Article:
William G. Stewart (director)
Network on Air (studio)
04 February 2019 (released)
24 February 2019
This 1981 sitcom sees a change of channel and the Garnetts, that is to say retired docker and bigot Alf plus long-suffering wife Else, are now located by the Eastbourne seaside to live out their retirement.
Daughter Rita (Una Stubbs) and son-in-law Mike presumably have gone elsewhere and who can blame them? That said Rita still pays the occasional surprise visit though Mike does the wise thing and steers clear of Alf (Warren Mitchell). Instead, Alf and Else’s old next door neighbour Min (the redoubtable Patricia Hayes) has moved in with the couple following the death of her husband, to round it out a little. Not that Else (Dandy Nichols) would get much chance of saying much as Alf always did nearly all of the talking.
With the earlier series from 1966 (we are talking about 15 years) we had a situation were racist bigot Alf, a devout working class Tory, could have endless arguments with his work-shy 'Scouse git' of a son-in-law Mike, who represented some kind of 'voice of reason'… being an impoverished Socialist (as opposed to die-hard monarchist Alf). These encounters and discussions - sometimes bordering on the absurd - could be utterly hilarious!
However, in TILL DEATH… things can become only too one-sided as Alf doesn't really have that much to spar off. Else obviously doesn’t have to be quite as dense as before (not that Alf is bright, there is just no stopping him). In fact, she can no longer stand him (“Drunken pig”) and appears to be waiting for the old sod to snuff it. In contrast, little Min is quite a nice person and often gets the better of the ogre by default; her description of Alf as “like a child without his dummy” is pretty apt.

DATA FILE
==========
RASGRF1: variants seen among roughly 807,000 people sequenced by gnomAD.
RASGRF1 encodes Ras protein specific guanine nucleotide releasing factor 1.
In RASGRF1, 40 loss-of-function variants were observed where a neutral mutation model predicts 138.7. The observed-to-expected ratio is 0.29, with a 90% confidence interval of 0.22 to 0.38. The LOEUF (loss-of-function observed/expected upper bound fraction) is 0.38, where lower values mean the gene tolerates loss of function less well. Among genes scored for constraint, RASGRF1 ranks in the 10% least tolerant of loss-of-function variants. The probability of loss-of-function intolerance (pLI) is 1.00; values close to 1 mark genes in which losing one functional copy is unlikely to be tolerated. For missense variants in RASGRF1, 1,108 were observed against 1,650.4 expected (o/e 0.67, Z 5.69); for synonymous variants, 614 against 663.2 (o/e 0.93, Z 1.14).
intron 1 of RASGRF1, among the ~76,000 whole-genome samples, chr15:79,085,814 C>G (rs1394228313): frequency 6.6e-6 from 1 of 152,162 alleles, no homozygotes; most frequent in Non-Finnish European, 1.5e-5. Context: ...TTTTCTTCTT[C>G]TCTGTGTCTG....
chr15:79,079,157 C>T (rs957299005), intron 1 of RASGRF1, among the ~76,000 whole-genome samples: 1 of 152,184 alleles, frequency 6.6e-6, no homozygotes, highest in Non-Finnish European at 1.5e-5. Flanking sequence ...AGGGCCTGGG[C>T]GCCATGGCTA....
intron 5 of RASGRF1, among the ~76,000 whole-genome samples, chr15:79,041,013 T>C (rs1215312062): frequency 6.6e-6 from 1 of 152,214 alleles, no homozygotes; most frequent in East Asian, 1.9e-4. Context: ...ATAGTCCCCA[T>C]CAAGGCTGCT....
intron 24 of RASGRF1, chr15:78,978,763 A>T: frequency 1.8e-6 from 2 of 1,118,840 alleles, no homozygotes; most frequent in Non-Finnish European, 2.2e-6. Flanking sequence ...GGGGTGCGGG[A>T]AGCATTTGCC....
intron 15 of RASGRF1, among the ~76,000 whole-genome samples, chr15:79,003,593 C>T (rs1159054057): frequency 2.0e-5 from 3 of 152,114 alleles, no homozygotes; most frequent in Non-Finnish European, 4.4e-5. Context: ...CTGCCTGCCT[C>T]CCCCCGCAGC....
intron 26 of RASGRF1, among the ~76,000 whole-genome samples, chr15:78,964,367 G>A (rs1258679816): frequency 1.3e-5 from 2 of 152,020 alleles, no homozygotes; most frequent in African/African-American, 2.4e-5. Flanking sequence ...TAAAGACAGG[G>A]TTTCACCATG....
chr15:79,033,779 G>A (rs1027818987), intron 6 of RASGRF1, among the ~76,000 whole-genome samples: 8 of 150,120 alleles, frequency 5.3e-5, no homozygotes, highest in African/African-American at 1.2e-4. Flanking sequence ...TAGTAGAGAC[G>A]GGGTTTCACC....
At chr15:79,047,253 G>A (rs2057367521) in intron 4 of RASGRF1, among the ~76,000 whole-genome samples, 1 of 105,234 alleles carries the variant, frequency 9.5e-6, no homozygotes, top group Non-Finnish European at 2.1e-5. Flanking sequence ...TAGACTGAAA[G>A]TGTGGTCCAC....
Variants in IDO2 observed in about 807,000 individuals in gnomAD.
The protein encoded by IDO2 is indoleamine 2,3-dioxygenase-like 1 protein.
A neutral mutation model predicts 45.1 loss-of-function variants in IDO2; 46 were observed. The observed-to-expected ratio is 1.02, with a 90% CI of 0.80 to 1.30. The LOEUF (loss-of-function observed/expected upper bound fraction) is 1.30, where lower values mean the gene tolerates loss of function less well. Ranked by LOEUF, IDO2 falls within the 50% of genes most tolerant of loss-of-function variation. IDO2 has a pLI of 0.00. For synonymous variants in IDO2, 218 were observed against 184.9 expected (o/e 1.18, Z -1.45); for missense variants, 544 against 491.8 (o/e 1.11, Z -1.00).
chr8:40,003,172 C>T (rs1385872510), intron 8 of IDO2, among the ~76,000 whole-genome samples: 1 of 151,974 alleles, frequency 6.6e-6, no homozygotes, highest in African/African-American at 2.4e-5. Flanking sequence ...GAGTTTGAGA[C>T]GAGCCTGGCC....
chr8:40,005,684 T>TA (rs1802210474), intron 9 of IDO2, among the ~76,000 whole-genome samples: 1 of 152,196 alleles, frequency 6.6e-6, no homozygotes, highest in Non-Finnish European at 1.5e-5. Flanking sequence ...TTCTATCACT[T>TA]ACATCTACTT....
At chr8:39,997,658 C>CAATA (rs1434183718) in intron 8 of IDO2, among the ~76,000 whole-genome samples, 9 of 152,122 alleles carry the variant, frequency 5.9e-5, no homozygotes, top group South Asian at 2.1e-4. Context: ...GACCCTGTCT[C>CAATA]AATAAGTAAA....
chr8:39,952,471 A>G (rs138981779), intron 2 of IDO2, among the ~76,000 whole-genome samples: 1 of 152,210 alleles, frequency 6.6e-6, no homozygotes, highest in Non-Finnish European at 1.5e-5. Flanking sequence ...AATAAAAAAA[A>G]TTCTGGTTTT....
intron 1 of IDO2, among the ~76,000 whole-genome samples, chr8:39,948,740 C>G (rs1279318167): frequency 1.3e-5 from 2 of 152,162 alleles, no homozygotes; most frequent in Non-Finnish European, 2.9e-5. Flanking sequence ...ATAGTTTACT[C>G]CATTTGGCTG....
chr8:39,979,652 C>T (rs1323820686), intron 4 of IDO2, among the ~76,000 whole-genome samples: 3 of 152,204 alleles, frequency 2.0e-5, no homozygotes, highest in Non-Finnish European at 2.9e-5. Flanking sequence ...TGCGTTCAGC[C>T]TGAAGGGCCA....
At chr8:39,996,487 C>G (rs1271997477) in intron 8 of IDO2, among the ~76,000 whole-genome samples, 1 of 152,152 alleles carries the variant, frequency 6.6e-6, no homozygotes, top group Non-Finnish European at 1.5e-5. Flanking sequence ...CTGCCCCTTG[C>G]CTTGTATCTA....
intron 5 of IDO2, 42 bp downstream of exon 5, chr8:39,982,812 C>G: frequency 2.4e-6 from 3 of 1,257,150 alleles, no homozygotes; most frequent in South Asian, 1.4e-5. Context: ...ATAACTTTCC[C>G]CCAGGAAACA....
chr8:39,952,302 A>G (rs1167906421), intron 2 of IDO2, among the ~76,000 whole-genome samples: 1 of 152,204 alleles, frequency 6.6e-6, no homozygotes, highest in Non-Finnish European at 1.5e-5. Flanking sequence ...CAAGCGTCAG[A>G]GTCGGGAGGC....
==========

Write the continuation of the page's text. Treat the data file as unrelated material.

He is also an out and out racist, for example in one of the six episodes we witness a drunken (his usual state) Alf alighting from a train at Eastbourne, the old codger has been up to London to see his beloved 'ammers' (West Ham United F.C. football team). Of course he has trouble finding his ticket. He refers to the ticket collector as 'John-John' (an old East End term of abuse for a black man). A few minutes later he's on the beach shouting about “Bloody wogs” – another one of his fave phrases. Incredible now - but this was 1981, a million years ago by TV-standards. In another episode a black repairman arrives to fix the Garnetts TV and it evolves that he is the cousin of the man Alf gave a racist mouthful to earlier on. It should also be mentioned that as well as being a total hypocrite Alf is also a frightful coward and a massive exaggerator of the truth.
In another episode some young punk rockers (it is '81) offer to help Alf across the road (what?). Alf is soon on his knees begging: “Please don't hurt me, I'm an old man, I ain't got no money…” followed by him taking out his chequebook. The boys don't know what to do and run off, with Alf shouting that if they had hung around he would have done the lot of them; this is for the benefit of some latecomers. Alf reports the incident to the police as a suspected mugging! It later transpires that the boys do charity work for the local church and Alf is forced to make an apology. In the last episode Alf gets so drunk he ends up in the hospital at death’s door. Else seems quite pleased about this. The old swine never told her that he'd taken out a private insurance scheme. Rita hurries to the hospital grief-stricken and in tears: “But you must have loved him once, Mum” to which Else's replies: “I can't think when!” An anxious Else even has a piece of paper ready hoping that IF Alf does resume consciousness he'll have time to sign it in order to leave everything to her. Of course, he's not going to go is he? Not yet anyway.
Alf is a monster but few of us can bring ourselves to dislike him as much as Else does. Then again, we only see him when we want to. Why did she marry him in the first place? Is this ridiculous or what?
As a bonus we have a 25-min Special from 1980: The Thoughts of Chairman Alf at Christmas Time'. If someone coming in from the cold knew nothing about the character of Alf Garnett one cannot begin to imagine what he/she would make from this solo piece; quite frankly it goes a little beyond racism. Warren had scored considerable success with ‘The Thoughts of Chairman Alf’ in the mid 70's in the West End Theatre. My, how the times have changed…